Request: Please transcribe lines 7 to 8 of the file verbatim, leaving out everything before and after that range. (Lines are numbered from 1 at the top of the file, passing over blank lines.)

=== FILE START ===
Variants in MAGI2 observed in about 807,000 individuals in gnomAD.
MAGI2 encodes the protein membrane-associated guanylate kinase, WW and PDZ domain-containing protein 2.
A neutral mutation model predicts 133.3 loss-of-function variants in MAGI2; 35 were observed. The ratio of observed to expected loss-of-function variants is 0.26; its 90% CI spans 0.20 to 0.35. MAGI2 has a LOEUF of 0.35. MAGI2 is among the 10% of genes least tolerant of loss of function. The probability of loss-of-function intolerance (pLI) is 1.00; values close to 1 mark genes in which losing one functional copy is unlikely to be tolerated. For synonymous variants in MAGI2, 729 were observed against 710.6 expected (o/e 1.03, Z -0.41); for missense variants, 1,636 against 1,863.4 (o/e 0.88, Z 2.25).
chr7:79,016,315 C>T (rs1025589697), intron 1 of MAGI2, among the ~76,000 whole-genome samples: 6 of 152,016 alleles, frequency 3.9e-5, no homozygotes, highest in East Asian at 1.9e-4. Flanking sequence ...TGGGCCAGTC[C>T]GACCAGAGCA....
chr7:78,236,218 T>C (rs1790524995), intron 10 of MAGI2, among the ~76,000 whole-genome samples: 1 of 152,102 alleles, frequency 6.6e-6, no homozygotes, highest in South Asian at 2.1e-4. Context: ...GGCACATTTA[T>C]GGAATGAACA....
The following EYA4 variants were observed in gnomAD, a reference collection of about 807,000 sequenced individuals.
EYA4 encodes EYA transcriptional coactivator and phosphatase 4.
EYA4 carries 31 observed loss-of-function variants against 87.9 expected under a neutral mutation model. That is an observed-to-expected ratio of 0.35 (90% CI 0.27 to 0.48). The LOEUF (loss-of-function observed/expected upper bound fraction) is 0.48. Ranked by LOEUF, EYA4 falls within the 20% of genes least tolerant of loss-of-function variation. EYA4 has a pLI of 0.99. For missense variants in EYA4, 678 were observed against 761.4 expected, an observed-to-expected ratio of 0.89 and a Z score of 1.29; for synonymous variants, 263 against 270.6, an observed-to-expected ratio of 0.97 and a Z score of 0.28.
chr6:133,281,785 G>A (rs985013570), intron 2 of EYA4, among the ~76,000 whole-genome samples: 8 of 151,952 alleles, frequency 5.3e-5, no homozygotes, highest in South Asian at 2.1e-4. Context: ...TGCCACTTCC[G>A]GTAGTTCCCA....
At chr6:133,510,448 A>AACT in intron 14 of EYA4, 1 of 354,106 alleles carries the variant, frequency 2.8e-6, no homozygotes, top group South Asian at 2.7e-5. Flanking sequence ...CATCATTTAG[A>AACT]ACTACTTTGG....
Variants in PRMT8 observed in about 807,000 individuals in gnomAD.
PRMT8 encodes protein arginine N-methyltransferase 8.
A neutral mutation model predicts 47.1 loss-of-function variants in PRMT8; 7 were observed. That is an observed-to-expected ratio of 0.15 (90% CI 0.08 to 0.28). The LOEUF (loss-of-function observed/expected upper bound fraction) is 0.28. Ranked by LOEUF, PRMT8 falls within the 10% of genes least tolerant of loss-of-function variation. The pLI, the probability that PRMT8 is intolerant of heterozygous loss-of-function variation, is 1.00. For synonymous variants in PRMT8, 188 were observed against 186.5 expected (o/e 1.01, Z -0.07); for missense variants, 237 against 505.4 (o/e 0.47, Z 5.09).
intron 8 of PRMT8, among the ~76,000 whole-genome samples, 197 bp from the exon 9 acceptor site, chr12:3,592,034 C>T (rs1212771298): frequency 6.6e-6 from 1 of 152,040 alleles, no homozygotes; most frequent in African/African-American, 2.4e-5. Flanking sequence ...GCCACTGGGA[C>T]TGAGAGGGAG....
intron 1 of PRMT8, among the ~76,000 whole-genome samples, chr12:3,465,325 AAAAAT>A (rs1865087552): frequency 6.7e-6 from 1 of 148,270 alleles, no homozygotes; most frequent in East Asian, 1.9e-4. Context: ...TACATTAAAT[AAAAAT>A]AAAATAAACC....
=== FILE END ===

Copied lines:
EYA4 encodes EYA transcriptional coactivator and phosphatase 4.
EYA4 carries 31 observed loss-of-function variants against 87.9 expected under a neutral mutation model. That is an observed-to-expected ratio of 0.35 (90% CI 0.27 to 0.48). The LOEUF (loss-of-function observed/expected upper bound fraction) is 0.48. Ranked by LOEUF, EYA4 falls within the 20% of genes least tolerant of loss-of-function variation. EYA4 has a pLI of 0.99. For missense variants in EYA4, 678 were observed against 761.4 expected, an observed-to-expected ratio of 0.89 and a Z score of 1.29; for synonymous variants, 263 against 270.6, an observed-to-expected ratio of 0.97 and a Z score of 0.28.